The “hommage” (tribute) in the name is the name of a family of watches, as well as being a tribute. Georges Kern, CEO of IWC, was involved in the management of Roger Dubuis for a short time after its acquisition by the Richemont group, and so the organization of Roger Dubuis’ watches into five major families, which rotate as the major focus year by year, possibly originates from his contribution, as IWC works in the same way. This year, it was the turn of Hommage (after the fantastically theatrical Excalibur last year). It was the name of Roger Dubuis’ first line of watches made in the 1990s, and at that time it was intended as a tribute to the watchmaking traditions of Geneva, Roger’s city of origin. The series of Hommage watches presented at SIHH in 2014 are intended more as a tribute to Dubuis himself: he retired from the company about a decade ago, and now is the brand ambassador.
The Roger Dubuis Hommage Double Flying Tourbillon highlights the two tourbillons in the lower part of the dial. The tourbillons function independently, and any differences in their oscillation are averaged out before their regulation is passed to the movement. They are set into a dial hallmarked by deep sunburst guilloché, along with chunky Roman numerals, creating that larger-than-life architecture that has become synonymous with the brand’s approach. The guilloché is hand-worked and so all the watches are slightly different. Even though this is a fairly large watch at 45 mm diameter, its wearability has been carefully designed, with lug design ensuring that it sits comfortably on the wrist.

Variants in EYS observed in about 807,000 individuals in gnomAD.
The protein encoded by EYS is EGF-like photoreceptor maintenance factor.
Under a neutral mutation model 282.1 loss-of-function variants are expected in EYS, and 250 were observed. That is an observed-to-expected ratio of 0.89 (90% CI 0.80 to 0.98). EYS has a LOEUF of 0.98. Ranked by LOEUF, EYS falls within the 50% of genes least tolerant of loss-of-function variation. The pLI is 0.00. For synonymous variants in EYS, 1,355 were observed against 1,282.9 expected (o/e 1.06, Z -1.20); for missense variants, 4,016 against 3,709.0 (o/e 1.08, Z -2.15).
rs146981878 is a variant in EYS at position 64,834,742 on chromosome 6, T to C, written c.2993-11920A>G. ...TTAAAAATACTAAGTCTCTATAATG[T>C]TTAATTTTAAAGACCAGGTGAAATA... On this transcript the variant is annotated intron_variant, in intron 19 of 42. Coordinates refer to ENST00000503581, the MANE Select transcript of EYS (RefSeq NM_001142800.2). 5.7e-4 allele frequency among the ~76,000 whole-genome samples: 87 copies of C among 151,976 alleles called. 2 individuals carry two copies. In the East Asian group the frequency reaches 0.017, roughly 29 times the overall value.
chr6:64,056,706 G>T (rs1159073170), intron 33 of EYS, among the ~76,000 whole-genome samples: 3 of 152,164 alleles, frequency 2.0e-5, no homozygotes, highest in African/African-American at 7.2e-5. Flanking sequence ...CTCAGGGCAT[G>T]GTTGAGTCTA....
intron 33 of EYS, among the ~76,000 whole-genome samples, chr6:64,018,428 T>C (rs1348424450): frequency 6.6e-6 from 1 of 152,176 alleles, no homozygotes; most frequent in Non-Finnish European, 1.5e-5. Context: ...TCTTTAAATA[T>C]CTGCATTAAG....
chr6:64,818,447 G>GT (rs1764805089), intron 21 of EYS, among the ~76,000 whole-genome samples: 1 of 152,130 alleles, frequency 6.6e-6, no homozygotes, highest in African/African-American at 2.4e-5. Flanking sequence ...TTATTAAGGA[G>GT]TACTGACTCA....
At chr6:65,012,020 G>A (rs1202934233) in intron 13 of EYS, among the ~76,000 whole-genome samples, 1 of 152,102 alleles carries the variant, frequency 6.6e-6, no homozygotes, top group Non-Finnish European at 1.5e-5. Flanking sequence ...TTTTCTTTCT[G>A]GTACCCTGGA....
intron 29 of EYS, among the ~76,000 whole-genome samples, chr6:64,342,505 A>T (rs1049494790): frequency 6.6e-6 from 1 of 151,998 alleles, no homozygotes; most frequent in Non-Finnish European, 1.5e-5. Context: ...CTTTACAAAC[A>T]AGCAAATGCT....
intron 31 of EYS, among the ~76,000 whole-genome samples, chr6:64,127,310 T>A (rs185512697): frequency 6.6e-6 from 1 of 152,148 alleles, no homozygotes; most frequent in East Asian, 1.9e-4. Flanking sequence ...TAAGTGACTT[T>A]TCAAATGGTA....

The hand-wound RD100 movement is made in-house, with 452 components; it provides 50 hours power reserve. The production of each watch takes about 1,200 hours, of which 360 are dedicated solely to the tests and checks required for the Poinçon de Genève quality mark. On the back, the sapphire crystal bears Roger Dubuis’ signature. A power reserve indicator can be seen at the top of the movement.
Roger Dubuis worked at Patek Philippe for fifteen years, and then spent another long stint working as a consultant on complication movements for other brands. He founded his own brand in 1995, and retired in the early years of the new millennium; the company was purchased by Richemont in 2010.